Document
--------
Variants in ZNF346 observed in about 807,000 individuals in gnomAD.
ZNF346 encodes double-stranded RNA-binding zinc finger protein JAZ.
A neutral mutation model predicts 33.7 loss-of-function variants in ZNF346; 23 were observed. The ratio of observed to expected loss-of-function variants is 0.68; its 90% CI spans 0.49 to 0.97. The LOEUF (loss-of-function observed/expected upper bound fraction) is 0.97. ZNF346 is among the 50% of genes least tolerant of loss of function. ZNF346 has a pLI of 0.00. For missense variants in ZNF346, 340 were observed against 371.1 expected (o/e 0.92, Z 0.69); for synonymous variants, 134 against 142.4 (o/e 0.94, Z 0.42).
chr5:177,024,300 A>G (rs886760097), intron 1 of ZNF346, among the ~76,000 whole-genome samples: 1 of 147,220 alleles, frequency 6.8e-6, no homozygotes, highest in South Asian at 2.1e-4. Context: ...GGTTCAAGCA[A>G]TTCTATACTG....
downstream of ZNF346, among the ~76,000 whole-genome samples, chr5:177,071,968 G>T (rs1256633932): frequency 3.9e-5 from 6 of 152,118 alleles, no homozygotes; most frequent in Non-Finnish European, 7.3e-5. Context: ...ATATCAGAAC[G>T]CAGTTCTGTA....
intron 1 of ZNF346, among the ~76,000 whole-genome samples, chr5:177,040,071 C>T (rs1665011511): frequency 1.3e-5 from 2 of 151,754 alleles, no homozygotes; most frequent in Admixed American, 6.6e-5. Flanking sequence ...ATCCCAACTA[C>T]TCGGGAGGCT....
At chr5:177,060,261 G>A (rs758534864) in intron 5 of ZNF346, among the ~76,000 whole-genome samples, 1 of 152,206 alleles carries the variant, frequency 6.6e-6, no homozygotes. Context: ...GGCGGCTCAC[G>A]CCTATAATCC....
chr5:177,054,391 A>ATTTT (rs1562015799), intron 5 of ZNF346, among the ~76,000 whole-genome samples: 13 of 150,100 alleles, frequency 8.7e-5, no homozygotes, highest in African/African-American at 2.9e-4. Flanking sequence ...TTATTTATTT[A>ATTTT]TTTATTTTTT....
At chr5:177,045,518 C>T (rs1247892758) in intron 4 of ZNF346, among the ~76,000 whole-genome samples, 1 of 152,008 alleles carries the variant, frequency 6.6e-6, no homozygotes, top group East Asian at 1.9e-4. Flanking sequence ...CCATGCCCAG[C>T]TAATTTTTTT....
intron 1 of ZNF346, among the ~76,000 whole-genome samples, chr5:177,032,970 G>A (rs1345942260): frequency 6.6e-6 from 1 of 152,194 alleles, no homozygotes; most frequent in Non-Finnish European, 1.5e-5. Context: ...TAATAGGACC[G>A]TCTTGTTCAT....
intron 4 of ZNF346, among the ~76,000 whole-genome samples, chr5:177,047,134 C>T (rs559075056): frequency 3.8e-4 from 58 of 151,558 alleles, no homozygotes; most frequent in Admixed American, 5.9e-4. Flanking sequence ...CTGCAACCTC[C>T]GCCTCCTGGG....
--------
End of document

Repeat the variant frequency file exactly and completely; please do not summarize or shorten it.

Variants in ZNF346 observed in about 807,000 individuals in gnomAD.
ZNF346 encodes double-stranded RNA-binding zinc finger protein JAZ.
A neutral mutation model predicts 33.7 loss-of-function variants in ZNF346; 23 were observed. The ratio of observed to expected loss-of-function variants is 0.68; its 90% CI spans 0.49 to 0.97. The LOEUF (loss-of-function observed/expected upper bound fraction) is 0.97. ZNF346 is among the 50% of genes least tolerant of loss of function. ZNF346 has a pLI of 0.00. For missense variants in ZNF346, 340 were observed against 371.1 expected (o/e 0.92, Z 0.69); for synonymous variants, 134 against 142.4 (o/e 0.94, Z 0.42).
chr5:177,024,300 A>G (rs886760097), intron 1 of ZNF346, among the ~76,000 whole-genome samples: 1 of 147,220 alleles, frequency 6.8e-6, no homozygotes, highest in South Asian at 2.1e-4. Context: ...GGTTCAAGCA[A>G]TTCTATACTG....
downstream of ZNF346, among the ~76,000 whole-genome samples, chr5:177,071,968 G>T (rs1256633932): frequency 3.9e-5 from 6 of 152,118 alleles, no homozygotes; most frequent in Non-Finnish European, 7.3e-5. Context: ...ATATCAGAAC[G>T]CAGTTCTGTA....
intron 1 of ZNF346, among the ~76,000 whole-genome samples, chr5:177,040,071 C>T (rs1665011511): frequency 1.3e-5 from 2 of 151,754 alleles, no homozygotes; most frequent in Admixed American, 6.6e-5. Flanking sequence ...ATCCCAACTA[C>T]TCGGGAGGCT....
At chr5:177,060,261 G>A (rs758534864) in intron 5 of ZNF346, among the ~76,000 whole-genome samples, 1 of 152,206 alleles carries the variant, frequency 6.6e-6, no homozygotes. Context: ...GGCGGCTCAC[G>A]CCTATAATCC....
chr5:177,054,391 A>ATTTT (rs1562015799), intron 5 of ZNF346, among the ~76,000 whole-genome samples: 13 of 150,100 alleles, frequency 8.7e-5, no homozygotes, highest in African/African-American at 2.9e-4. Flanking sequence ...TTATTTATTT[A>ATTTT]TTTATTTTTT....
At chr5:177,045,518 C>T (rs1247892758) in intron 4 of ZNF346, among the ~76,000 whole-genome samples, 1 of 152,008 alleles carries the variant, frequency 6.6e-6, no homozygotes, top group East Asian at 1.9e-4. Flanking sequence ...CCATGCCCAG[C>T]TAATTTTTTT....
intron 1 of ZNF346, among the ~76,000 whole-genome samples, chr5:177,032,970 G>A (rs1345942260): frequency 6.6e-6 from 1 of 152,194 alleles, no homozygotes; most frequent in Non-Finnish European, 1.5e-5. Context: ...TAATAGGACC[G>A]TCTTGTTCAT....
intron 4 of ZNF346, among the ~76,000 whole-genome samples, chr5:177,047,134 C>T (rs559075056): frequency 3.8e-4 from 58 of 151,558 alleles, no homozygotes; most frequent in Admixed American, 5.9e-4. Flanking sequence ...CTGCAACCTC[C>T]GCCTCCTGGG....